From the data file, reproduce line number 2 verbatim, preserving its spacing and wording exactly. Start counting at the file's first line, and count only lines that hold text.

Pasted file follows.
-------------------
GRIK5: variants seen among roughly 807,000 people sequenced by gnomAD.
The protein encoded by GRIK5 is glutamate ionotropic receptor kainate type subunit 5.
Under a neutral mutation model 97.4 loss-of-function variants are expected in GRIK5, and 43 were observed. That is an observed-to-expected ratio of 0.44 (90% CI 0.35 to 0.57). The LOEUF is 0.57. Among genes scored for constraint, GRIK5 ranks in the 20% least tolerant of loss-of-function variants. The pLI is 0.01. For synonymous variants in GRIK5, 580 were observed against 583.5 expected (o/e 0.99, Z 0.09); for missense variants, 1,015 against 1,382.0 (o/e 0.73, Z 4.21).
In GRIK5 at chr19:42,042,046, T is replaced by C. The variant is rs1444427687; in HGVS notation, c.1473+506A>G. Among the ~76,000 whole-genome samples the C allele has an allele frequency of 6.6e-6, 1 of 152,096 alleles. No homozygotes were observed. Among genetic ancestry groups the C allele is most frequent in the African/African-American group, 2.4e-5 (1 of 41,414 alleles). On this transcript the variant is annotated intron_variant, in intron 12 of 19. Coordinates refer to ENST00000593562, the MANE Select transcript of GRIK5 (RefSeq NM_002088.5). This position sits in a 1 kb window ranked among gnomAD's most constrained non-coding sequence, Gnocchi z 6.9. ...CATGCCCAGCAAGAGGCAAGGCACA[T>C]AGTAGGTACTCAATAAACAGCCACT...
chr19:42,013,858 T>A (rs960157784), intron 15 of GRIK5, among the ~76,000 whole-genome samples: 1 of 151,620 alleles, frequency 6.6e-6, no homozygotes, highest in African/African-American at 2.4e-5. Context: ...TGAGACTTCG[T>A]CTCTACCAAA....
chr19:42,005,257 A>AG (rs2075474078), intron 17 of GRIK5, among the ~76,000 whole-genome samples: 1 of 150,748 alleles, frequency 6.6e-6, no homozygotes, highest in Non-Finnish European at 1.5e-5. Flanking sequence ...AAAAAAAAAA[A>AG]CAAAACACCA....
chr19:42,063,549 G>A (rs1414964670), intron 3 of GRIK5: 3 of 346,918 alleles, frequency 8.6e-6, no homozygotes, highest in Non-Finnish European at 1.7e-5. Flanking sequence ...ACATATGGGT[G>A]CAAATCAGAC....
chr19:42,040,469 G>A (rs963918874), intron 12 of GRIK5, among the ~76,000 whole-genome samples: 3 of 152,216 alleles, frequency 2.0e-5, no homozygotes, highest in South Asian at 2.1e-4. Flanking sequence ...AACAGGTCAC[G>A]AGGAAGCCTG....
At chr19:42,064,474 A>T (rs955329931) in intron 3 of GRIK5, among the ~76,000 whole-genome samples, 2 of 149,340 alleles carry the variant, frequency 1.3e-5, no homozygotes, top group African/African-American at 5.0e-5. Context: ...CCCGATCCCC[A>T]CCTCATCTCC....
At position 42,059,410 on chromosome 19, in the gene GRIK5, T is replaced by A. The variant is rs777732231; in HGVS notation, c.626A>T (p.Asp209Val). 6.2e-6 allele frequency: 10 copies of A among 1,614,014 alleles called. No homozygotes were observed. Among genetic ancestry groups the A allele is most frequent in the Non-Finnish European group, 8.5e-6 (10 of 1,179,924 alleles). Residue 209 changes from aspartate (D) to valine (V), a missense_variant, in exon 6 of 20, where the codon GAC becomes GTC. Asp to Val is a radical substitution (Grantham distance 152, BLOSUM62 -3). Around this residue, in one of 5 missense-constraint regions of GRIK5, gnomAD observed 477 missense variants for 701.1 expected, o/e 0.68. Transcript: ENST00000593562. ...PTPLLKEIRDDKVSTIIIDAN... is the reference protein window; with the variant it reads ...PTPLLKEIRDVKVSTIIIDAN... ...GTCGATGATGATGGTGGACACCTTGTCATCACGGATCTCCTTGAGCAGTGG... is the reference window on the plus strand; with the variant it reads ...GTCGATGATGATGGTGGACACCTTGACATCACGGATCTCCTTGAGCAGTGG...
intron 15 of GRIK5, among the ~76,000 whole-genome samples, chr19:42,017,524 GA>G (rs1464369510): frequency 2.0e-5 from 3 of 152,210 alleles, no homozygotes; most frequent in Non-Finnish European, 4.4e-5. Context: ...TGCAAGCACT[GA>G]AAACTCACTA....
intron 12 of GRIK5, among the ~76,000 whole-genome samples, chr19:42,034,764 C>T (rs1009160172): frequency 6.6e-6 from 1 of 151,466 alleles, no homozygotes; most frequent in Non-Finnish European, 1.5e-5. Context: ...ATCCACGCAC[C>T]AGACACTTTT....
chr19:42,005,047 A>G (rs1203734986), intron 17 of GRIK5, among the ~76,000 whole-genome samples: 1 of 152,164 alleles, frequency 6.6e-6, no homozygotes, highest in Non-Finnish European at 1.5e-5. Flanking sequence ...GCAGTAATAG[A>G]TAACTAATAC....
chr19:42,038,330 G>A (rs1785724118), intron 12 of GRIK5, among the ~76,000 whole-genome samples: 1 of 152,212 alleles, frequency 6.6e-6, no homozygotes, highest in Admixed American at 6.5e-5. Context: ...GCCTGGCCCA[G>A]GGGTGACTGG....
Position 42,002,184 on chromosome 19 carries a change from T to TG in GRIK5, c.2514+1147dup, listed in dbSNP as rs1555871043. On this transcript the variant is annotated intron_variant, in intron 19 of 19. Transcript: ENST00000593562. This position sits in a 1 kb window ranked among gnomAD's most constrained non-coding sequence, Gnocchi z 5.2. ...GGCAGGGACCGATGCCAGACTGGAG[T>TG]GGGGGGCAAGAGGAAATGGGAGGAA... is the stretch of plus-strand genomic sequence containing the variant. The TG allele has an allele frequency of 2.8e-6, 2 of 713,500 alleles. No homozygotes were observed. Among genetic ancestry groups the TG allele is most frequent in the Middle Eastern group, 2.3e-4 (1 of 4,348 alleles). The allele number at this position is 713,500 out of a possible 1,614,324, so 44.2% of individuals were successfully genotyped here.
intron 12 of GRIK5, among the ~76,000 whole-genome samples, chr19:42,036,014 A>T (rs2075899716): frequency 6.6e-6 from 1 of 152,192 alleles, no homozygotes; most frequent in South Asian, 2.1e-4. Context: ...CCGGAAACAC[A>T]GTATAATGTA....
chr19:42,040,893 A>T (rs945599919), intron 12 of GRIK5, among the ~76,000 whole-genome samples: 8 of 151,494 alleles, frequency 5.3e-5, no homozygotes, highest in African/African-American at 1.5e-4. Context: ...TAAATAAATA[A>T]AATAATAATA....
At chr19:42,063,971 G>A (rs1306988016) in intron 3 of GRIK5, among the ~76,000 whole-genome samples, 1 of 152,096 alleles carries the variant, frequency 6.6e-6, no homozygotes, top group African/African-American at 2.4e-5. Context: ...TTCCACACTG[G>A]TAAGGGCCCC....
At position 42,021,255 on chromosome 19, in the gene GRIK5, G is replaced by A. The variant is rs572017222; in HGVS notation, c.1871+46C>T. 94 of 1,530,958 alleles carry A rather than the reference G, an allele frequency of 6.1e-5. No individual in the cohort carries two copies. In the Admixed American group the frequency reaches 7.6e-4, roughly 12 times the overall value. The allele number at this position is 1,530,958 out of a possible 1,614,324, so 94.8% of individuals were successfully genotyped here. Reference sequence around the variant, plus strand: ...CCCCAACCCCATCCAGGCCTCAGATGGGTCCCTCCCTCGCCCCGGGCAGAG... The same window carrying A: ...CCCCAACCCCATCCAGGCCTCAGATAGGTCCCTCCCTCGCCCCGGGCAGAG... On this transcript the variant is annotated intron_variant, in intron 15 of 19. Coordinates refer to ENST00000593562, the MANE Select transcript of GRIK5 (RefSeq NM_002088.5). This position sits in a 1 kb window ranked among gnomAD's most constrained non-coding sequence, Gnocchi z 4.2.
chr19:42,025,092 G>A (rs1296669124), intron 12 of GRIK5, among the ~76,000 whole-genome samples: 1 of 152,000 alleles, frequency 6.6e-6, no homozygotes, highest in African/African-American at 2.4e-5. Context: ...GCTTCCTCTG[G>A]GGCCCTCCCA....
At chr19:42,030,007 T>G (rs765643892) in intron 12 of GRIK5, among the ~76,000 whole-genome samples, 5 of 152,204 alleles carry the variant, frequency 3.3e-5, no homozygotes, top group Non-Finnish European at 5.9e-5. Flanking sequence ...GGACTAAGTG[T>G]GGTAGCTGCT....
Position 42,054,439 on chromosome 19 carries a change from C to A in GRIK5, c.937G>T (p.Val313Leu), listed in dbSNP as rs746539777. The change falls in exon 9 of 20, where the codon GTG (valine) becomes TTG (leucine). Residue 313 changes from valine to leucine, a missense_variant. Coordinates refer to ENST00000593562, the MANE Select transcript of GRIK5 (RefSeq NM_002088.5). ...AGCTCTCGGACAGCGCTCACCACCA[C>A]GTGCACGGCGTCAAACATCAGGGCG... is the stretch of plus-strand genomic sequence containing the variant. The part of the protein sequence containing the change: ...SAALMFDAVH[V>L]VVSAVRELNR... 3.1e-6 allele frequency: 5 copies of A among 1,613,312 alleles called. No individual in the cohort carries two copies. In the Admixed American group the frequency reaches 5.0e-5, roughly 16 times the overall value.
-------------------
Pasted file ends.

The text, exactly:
The protein encoded by GRIK5 is glutamate ionotropic receptor kainate type subunit 5.